Cases requiring specific findings of inadequacy involved common carriers over regular routes only or utilities confined to a definite area such as electric, gas, water or sewer service. The authority here sought is to provide service over irregular routes all over the State of Illinois. Plaintiffs have not cited nor have we found any case involving common carriers over irregular routes wherein a failure to make the specific finding of inadequacy of service by existing carriers resulted in a reversal of a Commission order. The rationale behind the rule, that is, protecting an existing carrier's investment and avoiding a complete duplication of facilities, is, therefore, not persuasive here. In this specialized type of service it would be difficult, at best, for plaintiffs to show they have expended time and money developing a business over the entire State, and that the granting of this authority would be a duplication of their service over such irregular routes. The Commission did make a specific finding in its original order that the greater weight of the evidence established that other carriers in the same territory were unable to meet the public demand for such services, and in its order on rehearing it made a finding of need for additional service which implies an inadequacy of existing service. We do not think that the failure to make a specific finding of inadequacy was fatal to the Commission's order.
Plaintiffs also contend that the findings made by the Commission are not supported by the record. Specifically, the findings of fitness of applicant, the need for additional services, and that public convenience and necessity require granting of operating authority to applicant are challenged.
The courts will not set aside an order of the Commission unless it clearly appears that its findings are against the manifest weight of the evidence. Chicago Junction Railway Co. v. Commerce Com., 412 Ill. 579; Forest Preserve District of DuPage County v. Commerce Com., 12 Ill.2d 319; Chicago, Burlington & Quincy Railroad Co. v. Commerce Com., 33 Ill.2d 274.
It is readily apparent that the transportation of household goods and used office furniture and equipment is a unique type of service. There is not a balanced flow of shipments nor any certainty of repeat movements between definable points. Rather, the shippers who will utilize such a service are predominantly those who find it necessary or advantageous to change their residences or their places of business from time to time. There are very few such prospective shippers who can predict when or where they will move and the difficulty of presenting an abundance of evidence to show a present and a future need for this type of service is obvious.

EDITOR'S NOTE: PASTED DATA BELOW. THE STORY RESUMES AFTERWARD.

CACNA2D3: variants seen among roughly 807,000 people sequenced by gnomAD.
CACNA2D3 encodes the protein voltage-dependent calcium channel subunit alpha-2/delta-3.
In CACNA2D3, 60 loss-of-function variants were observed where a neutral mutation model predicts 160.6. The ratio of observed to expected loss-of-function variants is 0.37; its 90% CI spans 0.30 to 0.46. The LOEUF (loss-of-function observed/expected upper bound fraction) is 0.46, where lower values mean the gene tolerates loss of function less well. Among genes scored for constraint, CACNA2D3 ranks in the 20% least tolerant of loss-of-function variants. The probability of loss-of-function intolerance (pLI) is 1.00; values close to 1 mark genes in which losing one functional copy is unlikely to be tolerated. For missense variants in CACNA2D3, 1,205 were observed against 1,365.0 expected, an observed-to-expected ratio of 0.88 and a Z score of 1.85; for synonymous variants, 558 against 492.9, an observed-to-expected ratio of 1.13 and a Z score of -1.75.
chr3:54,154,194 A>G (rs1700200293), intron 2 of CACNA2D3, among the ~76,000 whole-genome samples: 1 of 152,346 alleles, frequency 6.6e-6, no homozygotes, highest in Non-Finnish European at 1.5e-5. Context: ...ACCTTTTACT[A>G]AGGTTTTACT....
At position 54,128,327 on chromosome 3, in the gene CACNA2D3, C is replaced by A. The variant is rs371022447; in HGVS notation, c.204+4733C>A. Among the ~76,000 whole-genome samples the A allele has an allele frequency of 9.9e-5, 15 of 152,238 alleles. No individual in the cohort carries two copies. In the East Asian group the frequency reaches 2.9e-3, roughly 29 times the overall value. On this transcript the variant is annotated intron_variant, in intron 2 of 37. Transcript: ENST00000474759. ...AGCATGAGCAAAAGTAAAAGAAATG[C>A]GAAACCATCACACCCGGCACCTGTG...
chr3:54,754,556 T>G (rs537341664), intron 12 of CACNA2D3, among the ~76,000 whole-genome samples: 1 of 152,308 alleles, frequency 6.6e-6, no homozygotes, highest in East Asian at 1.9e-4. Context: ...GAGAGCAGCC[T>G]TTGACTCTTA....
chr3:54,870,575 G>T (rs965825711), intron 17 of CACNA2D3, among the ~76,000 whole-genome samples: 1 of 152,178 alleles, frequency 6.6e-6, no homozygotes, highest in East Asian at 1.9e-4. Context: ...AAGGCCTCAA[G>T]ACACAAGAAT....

The record shows that there are other common carriers in Springfield who have authority to provide the same or similar services proposed by applicant; that on some occasions these carriers have turned away business during the busy season; that on several occasions other carriers have requested applicant's help in making intrastate moves; that some of the carriers require notice of about a week to ten days before accepting a move; that in one year a carrier was not able to satisfy approximately ten moves which that carrier classified as emergency moves; and that applicant's service has been utilized in the past by shippers who were satisfied with the service. We cannot say that the findings of need for the service proposed by the applicant and that the public convenience and necessity require granting of operating authority to the applicant are contrary to the manifest weight of the evidence.
Although applicant had, in the past, operated in violation of the Motor Carrier of Property Act, there is nothing else in the record to indicate unfitness. The president of applicant had been employed and solicited for employment by other carriers in management capacities. Furthermore, applicant is a member in good standing of the Illinois Movers and Warehousemen's Association, of which plaintiffs are also members. While we do not condone or approve of applicant's unauthorized operations in the past, the record supports the finding of fitness of applicant to provide the proposed services.
The judgment of the circuit court of Sangamon County, affirming the Commission's order on rehearing, is affirmed.